32 days to go.

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While I wait for the electrical gubbins to arrive I’ve been working on the lighthouse that will hopefully set the scene and hide the fiddleyard a bit. Actually the model is not of a traditional lighthouse as much as an ‘Unterfeuer’ which I think translates as a ‘Navigation light’. An Unterfeuer tends to be smaller than a lighthouse, and works with an ‘Oberfeuer’, which is much taller and usually further inland, so that ships can line up the towers or lights to guide themselves through river or sea channels. The model is based on an Unterfeuer at Baumrönne, one of several which work in conjunction with the Altenbruch Oberfeuer, and is not too far from where Westerooge is supposed to be. As an added advantage the height of the Baumronne Unterfeuer in 1:43 scale is almost exactly the length of a standard tube from a roll of kitchen towels.

I’m debating if I should have the windows clear or of they should have a card backing, as the picture of the original seems to show the windows being largely shuttered. I know I could make a detailed interior, but ‘Westerooge’ is supposed to be a short-term project and I’d like to finish it before we go to visit my family in mid-May. This isn’t as ambitious as it sounds: I’ve ordered the remaining electrical parts so they will arrive any day now, and I already have all the track and scenic bits for finishing off what will be a fairly flat model, so I think things will speed up now, as long as I don’t keep procrastinating.I’m already planning the summer project: I’ll tell you about it in the next blog entry.

[Update: Just as I was about to publish this entry, DHL delivered a box of electrical goodies]

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I’m stuck. It’s inevitable when working in a different country where things aren’t always the same as you are used to: Sometimes there is an annoying delay while you hunt for bits. This time, the bits in question are electrical -an area I’m not too confident in. I’ve found a shop on the internet that sells what I’m after: plugs, and slider switches, which is a step forward in that I know what to ask for, (Thanks to Zabdiel for the Wiki tip) but lack of knowledge makes me a bit cautious about forking out €20 in one go, which is the minimum for an online purchase. I’m searching for a local electrical shop where I can have a good look at the components first.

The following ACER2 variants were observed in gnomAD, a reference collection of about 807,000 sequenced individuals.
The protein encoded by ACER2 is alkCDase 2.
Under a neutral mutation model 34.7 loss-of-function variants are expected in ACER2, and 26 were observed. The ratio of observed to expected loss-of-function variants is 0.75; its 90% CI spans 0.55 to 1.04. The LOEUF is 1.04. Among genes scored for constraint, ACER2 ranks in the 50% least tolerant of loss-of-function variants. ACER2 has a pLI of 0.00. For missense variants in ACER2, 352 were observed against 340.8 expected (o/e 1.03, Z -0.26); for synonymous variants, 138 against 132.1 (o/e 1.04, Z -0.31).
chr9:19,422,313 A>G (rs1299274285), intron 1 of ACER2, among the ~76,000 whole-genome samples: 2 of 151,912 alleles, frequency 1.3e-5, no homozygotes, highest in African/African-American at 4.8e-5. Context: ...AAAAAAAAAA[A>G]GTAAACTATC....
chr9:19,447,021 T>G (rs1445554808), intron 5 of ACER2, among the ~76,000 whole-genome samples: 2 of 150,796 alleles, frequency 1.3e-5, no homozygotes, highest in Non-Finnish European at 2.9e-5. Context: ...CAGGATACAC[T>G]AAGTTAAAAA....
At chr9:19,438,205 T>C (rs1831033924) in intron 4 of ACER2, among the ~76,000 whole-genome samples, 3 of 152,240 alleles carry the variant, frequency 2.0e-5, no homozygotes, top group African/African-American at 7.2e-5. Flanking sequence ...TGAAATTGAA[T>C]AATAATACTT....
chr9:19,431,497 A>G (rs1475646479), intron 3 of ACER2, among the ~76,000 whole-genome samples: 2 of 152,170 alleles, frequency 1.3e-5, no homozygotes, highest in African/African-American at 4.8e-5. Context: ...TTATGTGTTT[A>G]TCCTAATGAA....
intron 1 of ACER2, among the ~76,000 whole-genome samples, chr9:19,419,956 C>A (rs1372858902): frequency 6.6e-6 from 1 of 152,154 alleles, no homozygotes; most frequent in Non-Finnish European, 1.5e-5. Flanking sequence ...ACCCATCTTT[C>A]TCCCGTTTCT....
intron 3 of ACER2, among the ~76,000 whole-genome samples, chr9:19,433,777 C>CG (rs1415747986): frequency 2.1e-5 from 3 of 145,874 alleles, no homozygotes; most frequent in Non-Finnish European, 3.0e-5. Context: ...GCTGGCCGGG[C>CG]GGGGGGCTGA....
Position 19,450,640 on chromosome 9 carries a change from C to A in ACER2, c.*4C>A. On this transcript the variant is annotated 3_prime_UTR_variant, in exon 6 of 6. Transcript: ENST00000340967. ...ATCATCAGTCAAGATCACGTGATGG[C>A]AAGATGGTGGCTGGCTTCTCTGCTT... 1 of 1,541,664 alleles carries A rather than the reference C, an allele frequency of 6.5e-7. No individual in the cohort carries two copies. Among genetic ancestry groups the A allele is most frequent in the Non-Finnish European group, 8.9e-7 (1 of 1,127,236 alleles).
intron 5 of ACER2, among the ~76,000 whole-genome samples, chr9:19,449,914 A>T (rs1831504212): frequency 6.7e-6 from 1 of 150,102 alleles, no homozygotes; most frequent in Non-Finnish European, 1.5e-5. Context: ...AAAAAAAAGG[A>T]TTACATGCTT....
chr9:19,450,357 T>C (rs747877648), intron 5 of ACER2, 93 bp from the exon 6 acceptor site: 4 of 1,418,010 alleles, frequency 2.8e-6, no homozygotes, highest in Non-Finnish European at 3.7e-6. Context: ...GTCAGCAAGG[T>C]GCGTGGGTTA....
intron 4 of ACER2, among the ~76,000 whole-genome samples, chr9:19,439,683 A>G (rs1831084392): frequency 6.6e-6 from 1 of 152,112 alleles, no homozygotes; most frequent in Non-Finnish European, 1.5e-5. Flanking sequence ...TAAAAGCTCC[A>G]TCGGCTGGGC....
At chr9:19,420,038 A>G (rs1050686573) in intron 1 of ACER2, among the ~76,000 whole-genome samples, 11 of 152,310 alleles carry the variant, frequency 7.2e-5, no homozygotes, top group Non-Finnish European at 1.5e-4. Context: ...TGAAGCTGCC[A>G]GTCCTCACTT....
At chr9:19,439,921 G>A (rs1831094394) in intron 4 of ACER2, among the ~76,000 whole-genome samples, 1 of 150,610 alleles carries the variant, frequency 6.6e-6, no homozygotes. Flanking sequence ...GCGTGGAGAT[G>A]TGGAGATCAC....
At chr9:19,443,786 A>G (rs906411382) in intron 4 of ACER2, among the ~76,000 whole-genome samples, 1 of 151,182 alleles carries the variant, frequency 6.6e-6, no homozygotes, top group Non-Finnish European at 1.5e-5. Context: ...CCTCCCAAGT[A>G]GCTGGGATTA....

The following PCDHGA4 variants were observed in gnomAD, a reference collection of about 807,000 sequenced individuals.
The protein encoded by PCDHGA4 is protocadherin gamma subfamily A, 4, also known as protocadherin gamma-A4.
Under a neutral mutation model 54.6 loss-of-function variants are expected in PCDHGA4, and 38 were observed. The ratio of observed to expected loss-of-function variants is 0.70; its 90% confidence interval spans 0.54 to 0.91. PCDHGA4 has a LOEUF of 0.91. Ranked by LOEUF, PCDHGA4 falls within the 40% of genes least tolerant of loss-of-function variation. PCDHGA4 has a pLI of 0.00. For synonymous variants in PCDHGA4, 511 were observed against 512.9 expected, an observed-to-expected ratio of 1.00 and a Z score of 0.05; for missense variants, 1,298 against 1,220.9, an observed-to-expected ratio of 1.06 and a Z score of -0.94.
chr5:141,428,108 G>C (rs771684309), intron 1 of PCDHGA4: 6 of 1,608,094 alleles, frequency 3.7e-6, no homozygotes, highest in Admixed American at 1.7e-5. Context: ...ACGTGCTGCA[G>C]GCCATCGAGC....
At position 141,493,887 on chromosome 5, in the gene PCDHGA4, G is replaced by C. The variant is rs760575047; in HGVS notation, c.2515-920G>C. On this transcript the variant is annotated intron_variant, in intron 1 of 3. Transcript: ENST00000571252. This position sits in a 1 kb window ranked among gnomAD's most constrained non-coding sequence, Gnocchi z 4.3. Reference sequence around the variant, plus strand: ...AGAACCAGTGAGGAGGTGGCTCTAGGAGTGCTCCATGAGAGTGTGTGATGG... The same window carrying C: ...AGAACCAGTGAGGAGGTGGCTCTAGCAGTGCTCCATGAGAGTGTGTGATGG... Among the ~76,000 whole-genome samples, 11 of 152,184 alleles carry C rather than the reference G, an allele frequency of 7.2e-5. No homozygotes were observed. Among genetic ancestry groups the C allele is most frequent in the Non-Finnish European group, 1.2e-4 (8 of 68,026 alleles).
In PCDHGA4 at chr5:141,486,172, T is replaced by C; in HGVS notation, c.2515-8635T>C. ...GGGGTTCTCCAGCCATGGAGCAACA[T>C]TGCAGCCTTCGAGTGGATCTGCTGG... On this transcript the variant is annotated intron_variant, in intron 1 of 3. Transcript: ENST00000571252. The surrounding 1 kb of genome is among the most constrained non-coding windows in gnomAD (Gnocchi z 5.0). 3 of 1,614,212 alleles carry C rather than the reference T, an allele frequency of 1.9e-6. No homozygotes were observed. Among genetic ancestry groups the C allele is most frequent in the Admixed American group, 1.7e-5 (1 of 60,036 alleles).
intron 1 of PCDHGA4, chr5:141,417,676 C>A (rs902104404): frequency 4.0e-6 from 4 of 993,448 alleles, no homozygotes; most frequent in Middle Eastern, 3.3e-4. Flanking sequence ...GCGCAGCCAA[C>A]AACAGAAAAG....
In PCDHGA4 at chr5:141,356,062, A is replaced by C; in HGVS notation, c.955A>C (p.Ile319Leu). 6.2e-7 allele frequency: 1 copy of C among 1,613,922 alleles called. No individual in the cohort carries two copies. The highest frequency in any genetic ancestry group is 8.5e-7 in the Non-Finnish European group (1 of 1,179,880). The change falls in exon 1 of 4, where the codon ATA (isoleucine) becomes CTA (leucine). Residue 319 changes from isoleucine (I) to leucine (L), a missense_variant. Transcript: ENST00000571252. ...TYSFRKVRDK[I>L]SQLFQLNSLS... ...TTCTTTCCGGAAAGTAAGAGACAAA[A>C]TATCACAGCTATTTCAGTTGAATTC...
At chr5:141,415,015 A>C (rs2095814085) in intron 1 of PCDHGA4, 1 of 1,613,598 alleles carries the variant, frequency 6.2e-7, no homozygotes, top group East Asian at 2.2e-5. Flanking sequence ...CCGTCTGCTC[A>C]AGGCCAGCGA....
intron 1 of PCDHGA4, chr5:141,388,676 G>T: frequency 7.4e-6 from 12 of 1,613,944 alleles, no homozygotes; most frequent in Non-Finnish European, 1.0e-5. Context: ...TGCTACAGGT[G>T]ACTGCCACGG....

Which is a bit frustrating, so let’s talk about something more interesting. I’ve got a train ticket to go to a model railway and toy exhibition with Eldest Son this weekend, where I’ll hopefully be able to meet Alexander Rainer, a German member of the Gnatterbox, who will be exhibiting an model railway in a shoe box. He wants me to take my mess car along for a visit. I just hope it fits on his model.

Meanwhile I’m still hoping to get this model done by May, after which we will go to visit my family in the UK. After we come back, I’ve got another idea for a project, which is just a few sketches and a vague idea at the moment. I’ll give more details as I know them. It is another attempt at the Körschtalbahn, although Sägewerk Pfeifle will have to wait still longer until my boys desist from climbing up the furniture.